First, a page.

Ideal candidates for Upneeq drops may include adults who have mild to moderate acquired ptosis. Those with age-related droopy eyelids and BOTOX- or speculum-induced ptosis may also be candidates for this treatment option. 

Upneed is not designed for patients who have congenital ptosis and has not been tested in children. It is also not intended to treat ptosis due to trauma, nerve issues, eyebrow sagging, or eyelids that droop due to excess skin.

Risks and side effects of Upneeq

Upneeq was determined to be safe and well-tolerated when used once daily during clinical trials. These studies took place over the course of 14 to 84 days.

During Upneeq clinical trials, common side effects were observed in 1%-5% of participants. These included:

Women who are pregnant or breastfeeding should consult their physician before using Upneeq drops. Individuals with the following conditions should also check with their doctor before using this ophthalmic solution:

Patients should also seek medical care if any of their conditions worsen or they develop any of the symptoms outlined above.

Drug interactions may occur with certain medications. These include blood pressure medications, heart medications, monoamine oxidase inhibitors and alpha-adrenergic receptor antagonists. Patients should consult their physician for more information on potential risks, side effects, drug interactions and adverse reactions.

Upneeq vs. surgery

Until recently, the main options for treating droopy eyelids were ptosis surgery and the use of off-label drugs, which could not be used long-term. 

The surgical procedure may involve a minor adjustment to the eyelid muscles in some cases. In others, the muscle may need to be strengthened or reattached to allow for eyelid lifting. Surgery carries additional risks and potential side effects, in addition to a recovery period. Surgery is rarely recommended for cases of mild ptosis.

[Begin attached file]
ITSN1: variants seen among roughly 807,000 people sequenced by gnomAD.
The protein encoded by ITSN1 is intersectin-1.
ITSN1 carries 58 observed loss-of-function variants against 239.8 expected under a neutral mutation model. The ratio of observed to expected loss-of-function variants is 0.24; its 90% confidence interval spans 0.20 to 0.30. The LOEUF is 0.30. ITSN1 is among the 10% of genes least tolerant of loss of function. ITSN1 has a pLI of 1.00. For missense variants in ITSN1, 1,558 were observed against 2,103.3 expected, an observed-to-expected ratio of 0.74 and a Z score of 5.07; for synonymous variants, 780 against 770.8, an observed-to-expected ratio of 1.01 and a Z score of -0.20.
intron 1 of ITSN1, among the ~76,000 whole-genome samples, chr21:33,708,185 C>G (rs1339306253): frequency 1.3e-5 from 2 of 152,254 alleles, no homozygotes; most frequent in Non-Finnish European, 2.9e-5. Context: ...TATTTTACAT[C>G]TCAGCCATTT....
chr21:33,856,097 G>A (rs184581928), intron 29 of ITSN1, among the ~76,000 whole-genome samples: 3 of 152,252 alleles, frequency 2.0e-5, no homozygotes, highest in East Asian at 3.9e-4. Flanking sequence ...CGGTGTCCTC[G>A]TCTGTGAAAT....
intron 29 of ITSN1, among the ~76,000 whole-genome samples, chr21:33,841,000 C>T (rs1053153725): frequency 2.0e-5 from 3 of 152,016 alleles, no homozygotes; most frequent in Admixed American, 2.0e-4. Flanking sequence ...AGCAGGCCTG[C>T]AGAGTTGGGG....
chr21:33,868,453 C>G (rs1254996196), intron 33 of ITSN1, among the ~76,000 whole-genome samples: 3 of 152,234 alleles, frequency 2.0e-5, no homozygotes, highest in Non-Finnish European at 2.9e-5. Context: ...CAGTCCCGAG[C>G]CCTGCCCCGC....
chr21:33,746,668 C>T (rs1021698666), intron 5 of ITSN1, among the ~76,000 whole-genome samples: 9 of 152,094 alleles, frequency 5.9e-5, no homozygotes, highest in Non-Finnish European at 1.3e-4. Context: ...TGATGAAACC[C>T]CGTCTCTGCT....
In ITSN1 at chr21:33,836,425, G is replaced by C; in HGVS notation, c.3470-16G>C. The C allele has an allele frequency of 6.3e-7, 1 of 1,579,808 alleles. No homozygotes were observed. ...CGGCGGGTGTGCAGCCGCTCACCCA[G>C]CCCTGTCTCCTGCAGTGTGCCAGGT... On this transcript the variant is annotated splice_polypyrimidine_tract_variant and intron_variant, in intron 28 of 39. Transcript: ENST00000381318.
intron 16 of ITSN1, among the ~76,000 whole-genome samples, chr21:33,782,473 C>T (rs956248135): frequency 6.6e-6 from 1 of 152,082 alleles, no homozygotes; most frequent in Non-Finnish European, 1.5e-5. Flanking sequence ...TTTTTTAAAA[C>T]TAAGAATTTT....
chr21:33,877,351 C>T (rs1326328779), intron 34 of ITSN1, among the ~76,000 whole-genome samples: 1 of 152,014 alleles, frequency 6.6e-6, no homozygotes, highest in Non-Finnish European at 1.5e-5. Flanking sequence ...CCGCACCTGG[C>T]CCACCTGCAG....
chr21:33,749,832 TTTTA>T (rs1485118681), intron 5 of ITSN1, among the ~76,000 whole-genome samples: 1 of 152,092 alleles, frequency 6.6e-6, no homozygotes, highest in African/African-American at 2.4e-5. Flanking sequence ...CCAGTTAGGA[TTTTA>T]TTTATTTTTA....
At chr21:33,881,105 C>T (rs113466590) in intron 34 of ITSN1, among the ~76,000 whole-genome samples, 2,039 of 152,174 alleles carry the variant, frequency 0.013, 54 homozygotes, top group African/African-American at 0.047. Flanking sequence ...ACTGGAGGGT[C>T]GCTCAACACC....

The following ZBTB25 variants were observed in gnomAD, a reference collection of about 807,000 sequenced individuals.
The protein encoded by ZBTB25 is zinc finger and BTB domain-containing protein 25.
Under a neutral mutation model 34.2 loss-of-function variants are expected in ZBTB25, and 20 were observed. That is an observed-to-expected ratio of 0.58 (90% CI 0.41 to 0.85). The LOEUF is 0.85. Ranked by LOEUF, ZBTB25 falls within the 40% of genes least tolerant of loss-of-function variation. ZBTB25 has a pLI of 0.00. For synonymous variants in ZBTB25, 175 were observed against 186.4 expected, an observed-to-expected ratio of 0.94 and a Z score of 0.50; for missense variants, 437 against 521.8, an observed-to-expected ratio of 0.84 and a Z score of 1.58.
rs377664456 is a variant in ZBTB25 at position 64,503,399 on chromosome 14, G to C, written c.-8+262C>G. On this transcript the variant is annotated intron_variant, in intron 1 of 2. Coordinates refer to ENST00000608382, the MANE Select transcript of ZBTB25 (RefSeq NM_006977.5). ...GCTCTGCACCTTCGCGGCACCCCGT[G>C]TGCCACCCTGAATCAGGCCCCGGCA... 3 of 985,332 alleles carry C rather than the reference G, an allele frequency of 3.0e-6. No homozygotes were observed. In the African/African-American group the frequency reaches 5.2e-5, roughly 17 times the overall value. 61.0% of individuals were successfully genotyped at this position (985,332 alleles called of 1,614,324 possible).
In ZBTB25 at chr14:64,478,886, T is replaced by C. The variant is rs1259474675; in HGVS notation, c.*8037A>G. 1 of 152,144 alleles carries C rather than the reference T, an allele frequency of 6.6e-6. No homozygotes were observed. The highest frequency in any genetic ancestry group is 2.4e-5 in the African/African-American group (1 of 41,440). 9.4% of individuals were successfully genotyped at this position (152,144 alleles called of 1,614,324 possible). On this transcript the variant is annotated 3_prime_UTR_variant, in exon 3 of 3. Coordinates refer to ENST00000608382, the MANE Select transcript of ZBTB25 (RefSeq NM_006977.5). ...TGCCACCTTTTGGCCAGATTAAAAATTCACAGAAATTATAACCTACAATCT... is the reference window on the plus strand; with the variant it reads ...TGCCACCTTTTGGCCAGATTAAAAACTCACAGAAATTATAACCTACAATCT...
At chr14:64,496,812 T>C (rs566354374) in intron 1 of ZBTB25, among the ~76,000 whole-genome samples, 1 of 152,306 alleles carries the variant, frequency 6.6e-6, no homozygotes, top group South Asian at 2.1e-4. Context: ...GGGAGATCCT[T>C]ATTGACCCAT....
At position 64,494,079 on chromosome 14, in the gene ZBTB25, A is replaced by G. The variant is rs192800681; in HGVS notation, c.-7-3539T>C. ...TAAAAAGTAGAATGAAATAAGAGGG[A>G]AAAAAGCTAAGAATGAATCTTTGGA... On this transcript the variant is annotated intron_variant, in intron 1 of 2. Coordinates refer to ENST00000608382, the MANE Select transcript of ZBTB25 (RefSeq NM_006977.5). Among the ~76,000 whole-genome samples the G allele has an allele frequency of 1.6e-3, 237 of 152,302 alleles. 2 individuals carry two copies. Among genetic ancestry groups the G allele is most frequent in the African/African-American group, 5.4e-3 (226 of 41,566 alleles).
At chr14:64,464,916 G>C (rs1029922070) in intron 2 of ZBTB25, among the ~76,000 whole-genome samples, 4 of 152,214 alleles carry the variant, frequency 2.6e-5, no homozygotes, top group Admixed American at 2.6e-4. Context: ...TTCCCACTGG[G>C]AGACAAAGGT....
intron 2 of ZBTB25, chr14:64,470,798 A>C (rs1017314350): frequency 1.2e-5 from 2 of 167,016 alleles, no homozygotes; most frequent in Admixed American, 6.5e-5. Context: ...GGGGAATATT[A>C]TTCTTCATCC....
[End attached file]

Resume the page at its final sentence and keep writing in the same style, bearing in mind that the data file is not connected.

Upneeq offers a safe and potentially long-term nonsurgical alternative to treating acquired ptosis. Individuals may opt for Upneeq over blepharoplasty (eyelid surgery) if they are not candidates or are not yet ready for a surgical procedure.

Upneeq vs. BOTOX

BOTOX has also served as a nonsurgical option for treating mild cases of droopy eyelids by lifting the eyebrows slightly. It is commonly used to lift the eyebrows and treat fine lines and wrinkles on the upper face.

Sometimes, the use of BOTOX for lifting the eyebrow causes drooping of the eyelids because the drug has affected the nerve that controls eyelid muscles. In these cases, Upneeq may be recommended to provide a nonsurgical eyelid lift.

How much does Upneeq cost?

The cost of Upneeq may vary per location and pharmacy. On average, Upneeq costs around $228.00 for a 30-day supply.

READ NEXT: Types of ptosis

First prescription fix for drooping eyelid. American Academy of Ophthalmology. September 2020.

Ptosis (Blepharoptosis) in adults. Medscape. July 2020.

Label: UPNEEQ-oxymetazoline hydrochloride ophthalmic solution/drops. DailyMed. National Library of Medicine. May 2023.

UPNEEQ (oxymetazoline hydrochloride ophthalmic solution), 0.1%. Accessed May 2023.

Ptosis. American Optometric Association. Accessed May 2023.

Safety of once-daily oxymetazoline HCl ophthalmic solution, 0.1% in patients with acquired blepharoptosis: results from four randomized, double-masked clinical trials. Clinical Ophthalmology. November 2022.

Ptosis, congenital. EyeWiki. American Academy of Ophthalmology. January 2023.

Anatomy, Head and Neck: Eye Superior Tarsal Muscle (Muller Muscle). StatPearls. September 2022.

What is ptosis? American Academy of Ophthalmology. September 2022.

Taking a closer look at acquired blepharoptosis. Optometry Times. November 2021.

Ptosis (drooping eyelid). Cleveland Clinic. March 2019.

Botulinum toxin–induced blepharoptosis: anatomy, etiology, prevention, and therapeutic options. Journal of Cosmetic Dermatology. August 2021.

Upneeq FDA approval history. Drugs.com. September 2020.

NDA 212520. U.S. Food and Drug Administration. July 2020.

FDA approves Upneeq. Drugs.com. July 2020.

Use of botulinum toxin for the correction of mild ptosis. Journal of Clinical and Aesthetic Dermatology. April 2018.

Techniques of eyebrow lifting: a narrative review. Journal of Ophthalmic and Vision Research. April 2020.

How does botulinum toxin (Botox) work? American Academy of Ophthalmology. March 2021. 

Upneeq prices, coupons and patient assistance programs. Drugs.com. Accessed May 2023.